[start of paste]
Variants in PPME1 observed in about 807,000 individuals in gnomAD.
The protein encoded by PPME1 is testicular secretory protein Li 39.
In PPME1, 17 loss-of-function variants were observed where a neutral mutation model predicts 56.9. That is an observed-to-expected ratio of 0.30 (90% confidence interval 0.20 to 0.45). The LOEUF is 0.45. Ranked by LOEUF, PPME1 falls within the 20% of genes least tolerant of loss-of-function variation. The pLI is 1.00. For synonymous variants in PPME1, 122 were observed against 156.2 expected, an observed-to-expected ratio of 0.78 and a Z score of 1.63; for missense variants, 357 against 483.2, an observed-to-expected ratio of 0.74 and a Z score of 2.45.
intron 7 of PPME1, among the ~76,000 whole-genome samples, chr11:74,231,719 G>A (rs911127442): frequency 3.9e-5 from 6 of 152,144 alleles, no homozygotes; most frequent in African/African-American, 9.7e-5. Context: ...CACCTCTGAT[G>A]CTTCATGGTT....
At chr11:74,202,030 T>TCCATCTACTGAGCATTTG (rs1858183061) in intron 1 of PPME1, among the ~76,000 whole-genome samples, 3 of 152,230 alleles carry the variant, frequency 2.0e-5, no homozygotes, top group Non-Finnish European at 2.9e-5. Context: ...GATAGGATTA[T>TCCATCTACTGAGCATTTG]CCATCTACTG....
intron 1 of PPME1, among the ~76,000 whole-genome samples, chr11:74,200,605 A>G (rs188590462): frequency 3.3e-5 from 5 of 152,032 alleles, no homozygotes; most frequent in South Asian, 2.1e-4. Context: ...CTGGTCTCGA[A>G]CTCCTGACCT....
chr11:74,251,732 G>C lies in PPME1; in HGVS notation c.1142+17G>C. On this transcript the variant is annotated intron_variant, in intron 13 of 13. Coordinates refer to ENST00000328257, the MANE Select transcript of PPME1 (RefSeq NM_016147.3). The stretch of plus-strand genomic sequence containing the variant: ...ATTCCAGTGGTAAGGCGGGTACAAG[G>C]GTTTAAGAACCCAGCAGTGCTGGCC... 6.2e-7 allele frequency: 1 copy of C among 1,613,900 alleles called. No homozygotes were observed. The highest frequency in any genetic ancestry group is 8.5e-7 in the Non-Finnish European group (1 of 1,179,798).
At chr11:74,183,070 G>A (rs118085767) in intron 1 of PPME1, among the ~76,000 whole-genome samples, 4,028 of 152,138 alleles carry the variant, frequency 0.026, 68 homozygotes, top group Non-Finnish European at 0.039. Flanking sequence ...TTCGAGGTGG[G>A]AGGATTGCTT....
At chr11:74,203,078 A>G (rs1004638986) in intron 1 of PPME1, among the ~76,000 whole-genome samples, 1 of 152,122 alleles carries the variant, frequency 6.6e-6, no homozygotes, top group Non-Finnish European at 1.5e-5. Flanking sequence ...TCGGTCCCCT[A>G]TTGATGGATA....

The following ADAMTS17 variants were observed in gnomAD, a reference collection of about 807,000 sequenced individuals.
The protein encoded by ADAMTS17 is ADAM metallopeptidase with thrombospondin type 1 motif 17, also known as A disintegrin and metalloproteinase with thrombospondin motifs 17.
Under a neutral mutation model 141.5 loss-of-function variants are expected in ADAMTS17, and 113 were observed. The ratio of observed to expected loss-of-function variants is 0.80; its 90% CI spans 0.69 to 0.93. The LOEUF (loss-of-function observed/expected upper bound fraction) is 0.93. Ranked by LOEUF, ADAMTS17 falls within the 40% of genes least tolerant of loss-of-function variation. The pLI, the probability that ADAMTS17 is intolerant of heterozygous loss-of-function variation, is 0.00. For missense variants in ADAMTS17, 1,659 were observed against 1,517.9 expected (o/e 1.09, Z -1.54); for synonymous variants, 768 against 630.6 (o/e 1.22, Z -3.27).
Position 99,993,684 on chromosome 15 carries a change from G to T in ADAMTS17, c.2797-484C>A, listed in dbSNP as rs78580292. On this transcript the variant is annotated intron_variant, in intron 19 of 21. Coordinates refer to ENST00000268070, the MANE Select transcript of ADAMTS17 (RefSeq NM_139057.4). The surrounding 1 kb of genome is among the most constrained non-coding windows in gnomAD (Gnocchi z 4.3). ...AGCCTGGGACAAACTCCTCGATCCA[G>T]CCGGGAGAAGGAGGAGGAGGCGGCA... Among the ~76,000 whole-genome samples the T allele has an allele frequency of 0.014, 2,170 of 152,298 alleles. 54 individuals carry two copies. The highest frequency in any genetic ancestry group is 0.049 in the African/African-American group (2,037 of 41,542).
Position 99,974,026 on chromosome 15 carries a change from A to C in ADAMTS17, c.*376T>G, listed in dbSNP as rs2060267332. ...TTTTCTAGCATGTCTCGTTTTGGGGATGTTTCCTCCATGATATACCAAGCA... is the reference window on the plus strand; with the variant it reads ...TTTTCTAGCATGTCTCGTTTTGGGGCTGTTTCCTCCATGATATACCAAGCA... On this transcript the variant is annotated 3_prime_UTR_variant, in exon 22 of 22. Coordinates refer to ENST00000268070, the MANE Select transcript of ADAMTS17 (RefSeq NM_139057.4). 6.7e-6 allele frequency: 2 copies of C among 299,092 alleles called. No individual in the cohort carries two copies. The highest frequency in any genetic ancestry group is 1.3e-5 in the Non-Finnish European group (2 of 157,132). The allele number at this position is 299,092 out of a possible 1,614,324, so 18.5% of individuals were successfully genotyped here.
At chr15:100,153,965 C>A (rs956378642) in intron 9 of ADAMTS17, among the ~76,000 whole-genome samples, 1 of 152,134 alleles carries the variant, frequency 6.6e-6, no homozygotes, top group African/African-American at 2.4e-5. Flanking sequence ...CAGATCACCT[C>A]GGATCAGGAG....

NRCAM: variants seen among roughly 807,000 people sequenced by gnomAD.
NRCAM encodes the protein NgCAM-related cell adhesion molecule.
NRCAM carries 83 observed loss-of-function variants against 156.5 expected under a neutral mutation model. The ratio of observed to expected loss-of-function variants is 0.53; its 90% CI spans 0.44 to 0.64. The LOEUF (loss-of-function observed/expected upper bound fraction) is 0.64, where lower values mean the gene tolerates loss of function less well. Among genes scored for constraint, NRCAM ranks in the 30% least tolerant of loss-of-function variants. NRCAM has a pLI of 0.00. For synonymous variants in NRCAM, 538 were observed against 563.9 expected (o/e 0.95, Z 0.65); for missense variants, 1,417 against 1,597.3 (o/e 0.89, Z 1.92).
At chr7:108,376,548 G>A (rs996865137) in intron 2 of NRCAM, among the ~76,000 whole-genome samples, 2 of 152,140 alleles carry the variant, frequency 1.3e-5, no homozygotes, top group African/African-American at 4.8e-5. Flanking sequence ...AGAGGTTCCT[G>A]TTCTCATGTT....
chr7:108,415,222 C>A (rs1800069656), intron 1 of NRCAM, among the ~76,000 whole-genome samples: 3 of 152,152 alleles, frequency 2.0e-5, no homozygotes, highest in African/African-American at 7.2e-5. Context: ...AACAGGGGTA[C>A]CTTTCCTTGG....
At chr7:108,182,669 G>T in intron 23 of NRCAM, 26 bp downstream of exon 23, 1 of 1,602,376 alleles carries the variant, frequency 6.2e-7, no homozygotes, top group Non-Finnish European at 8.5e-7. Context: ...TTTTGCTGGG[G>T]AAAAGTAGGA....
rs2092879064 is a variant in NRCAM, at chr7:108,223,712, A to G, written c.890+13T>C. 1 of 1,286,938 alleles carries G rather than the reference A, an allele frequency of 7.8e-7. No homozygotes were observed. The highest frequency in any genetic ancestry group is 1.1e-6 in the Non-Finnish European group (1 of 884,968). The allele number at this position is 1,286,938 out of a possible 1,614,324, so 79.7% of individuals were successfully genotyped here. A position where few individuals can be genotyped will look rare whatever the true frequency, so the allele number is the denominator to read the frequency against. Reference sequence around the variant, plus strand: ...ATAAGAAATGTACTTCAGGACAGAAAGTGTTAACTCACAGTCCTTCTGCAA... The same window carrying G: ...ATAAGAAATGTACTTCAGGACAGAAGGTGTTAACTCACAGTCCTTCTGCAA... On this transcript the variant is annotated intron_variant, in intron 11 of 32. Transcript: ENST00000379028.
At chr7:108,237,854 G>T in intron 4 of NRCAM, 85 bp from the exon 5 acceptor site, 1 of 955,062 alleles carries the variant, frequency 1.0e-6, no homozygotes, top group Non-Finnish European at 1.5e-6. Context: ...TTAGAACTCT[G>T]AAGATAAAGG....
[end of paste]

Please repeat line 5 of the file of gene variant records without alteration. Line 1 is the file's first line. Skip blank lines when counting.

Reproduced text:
At chr11:74,202,030 T>TCCATCTACTGAGCATTTG (rs1858183061) in intron 1 of PPME1, among the ~76,000 whole-genome samples, 3 of 152,230 alleles carry the variant, frequency 2.0e-5, no homozygotes, top group Non-Finnish European at 2.9e-5. Context: ...GATAGGATTA[T>TCCATCTACTGAGCATTTG]CCATCTACTG....